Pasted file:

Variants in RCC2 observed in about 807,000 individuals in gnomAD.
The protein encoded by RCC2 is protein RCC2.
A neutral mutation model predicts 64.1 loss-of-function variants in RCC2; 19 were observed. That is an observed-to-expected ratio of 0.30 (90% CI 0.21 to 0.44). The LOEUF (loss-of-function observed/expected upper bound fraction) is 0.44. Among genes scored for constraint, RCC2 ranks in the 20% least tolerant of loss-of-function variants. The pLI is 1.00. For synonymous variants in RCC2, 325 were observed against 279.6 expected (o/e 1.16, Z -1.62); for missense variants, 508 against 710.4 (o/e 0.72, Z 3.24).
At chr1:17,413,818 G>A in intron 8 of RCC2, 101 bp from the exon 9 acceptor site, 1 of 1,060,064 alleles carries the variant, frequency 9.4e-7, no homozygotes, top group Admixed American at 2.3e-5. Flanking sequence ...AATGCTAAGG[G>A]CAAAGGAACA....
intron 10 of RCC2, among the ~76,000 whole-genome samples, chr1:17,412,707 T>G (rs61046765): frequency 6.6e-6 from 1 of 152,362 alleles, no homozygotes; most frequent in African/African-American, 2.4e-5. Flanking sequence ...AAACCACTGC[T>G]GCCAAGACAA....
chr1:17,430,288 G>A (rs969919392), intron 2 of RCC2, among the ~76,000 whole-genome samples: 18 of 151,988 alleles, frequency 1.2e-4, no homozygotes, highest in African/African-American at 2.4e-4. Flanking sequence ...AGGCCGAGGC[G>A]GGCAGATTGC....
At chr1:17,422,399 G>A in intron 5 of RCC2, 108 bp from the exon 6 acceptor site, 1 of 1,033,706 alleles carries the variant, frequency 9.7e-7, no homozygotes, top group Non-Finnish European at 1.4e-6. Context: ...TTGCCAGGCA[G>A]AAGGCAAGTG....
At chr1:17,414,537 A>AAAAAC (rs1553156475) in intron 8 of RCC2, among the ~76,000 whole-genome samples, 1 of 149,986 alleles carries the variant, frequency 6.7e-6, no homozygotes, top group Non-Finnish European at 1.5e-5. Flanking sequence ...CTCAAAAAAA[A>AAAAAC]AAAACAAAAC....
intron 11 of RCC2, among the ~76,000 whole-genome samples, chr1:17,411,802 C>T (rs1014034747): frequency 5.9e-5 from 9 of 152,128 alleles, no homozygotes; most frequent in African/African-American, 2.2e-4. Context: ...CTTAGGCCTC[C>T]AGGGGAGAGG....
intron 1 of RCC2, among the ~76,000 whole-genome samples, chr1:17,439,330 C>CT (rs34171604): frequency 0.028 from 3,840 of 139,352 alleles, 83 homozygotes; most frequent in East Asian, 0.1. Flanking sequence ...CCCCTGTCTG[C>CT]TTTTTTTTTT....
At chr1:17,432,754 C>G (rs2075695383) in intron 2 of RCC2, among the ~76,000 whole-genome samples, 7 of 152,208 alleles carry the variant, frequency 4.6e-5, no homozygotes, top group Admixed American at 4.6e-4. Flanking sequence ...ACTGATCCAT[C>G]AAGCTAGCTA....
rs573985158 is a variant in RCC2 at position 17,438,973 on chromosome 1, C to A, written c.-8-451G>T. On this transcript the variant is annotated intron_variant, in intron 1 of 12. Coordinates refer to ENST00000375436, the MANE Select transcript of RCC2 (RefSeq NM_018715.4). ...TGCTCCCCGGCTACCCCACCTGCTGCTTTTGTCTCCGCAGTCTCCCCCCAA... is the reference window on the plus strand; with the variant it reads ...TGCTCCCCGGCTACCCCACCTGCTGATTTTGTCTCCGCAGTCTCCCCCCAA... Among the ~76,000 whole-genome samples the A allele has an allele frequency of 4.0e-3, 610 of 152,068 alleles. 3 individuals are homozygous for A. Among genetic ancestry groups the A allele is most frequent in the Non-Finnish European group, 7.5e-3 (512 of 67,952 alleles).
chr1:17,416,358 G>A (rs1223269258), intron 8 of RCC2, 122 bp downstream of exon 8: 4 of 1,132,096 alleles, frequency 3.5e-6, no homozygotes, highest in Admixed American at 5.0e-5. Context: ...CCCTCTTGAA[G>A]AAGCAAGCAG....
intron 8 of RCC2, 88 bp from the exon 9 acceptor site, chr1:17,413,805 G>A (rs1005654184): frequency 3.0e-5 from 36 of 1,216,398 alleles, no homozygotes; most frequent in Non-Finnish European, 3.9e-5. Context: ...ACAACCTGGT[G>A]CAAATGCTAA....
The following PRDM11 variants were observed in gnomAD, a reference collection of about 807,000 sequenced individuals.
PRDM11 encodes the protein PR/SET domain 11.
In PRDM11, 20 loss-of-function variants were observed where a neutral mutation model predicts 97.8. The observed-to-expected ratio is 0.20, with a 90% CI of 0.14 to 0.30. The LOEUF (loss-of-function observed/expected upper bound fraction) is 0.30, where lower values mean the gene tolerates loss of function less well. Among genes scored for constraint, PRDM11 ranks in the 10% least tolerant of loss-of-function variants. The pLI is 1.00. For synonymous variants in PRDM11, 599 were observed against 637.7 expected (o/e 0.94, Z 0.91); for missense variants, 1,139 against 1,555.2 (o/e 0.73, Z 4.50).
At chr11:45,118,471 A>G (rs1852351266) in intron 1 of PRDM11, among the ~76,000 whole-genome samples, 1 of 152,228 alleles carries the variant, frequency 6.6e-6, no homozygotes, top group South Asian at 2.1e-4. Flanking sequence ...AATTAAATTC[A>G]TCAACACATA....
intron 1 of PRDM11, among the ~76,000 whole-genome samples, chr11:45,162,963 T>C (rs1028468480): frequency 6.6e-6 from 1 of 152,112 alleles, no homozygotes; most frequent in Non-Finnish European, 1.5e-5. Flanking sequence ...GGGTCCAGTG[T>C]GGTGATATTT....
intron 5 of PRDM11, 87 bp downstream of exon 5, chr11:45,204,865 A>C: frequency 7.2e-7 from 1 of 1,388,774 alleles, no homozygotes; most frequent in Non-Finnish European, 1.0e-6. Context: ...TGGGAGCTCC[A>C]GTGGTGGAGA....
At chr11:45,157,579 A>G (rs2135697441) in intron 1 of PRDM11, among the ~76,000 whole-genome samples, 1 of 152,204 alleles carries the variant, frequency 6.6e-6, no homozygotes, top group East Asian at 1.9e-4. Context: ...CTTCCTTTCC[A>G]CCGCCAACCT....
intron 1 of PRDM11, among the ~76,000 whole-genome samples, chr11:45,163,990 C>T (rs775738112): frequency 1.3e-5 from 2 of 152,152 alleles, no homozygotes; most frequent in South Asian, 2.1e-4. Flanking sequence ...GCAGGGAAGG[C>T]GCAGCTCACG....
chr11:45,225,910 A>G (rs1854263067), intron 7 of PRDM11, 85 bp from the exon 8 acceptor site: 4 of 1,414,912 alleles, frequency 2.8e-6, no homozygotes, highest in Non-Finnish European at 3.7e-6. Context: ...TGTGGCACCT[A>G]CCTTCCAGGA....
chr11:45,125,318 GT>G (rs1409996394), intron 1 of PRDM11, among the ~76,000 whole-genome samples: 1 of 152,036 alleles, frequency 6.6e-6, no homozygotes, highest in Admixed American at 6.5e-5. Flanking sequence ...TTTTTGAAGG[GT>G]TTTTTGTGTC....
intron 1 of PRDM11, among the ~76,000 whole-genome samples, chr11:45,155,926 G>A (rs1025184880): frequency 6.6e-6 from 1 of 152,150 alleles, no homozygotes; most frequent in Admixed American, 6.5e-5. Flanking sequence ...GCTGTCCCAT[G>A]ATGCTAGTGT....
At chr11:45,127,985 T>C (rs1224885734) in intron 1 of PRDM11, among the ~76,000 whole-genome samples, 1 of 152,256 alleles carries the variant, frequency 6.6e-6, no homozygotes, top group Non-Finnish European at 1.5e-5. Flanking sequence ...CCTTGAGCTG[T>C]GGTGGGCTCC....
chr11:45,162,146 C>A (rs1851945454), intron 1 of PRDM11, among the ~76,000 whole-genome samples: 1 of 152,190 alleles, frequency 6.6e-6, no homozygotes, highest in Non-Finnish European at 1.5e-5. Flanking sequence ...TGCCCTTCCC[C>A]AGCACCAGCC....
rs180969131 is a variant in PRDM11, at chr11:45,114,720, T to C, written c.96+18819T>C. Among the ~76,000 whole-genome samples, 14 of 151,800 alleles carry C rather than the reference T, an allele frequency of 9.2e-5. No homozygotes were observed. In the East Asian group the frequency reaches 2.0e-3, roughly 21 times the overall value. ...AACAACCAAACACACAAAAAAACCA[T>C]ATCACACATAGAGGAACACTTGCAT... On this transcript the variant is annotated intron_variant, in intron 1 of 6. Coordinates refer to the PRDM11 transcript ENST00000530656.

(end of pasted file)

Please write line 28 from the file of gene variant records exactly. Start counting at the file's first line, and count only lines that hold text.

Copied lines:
rs180969131 is a variant in PRDM11, at chr11:45,114,720, T to C, written c.96+18819T>C. Among the ~76,000 whole-genome samples, 14 of 151,800 alleles carry C rather than the reference T, an allele frequency of 9.2e-5. No homozygotes were observed. In the East Asian group the frequency reaches 2.0e-3, roughly 21 times the overall value. ...AACAACCAAACACACAAAAAAACCA[T>C]ATCACACATAGAGGAACACTTGCAT... On this transcript the variant is annotated intron_variant, in intron 1 of 6. Coordinates refer to the PRDM11 transcript ENST00000530656.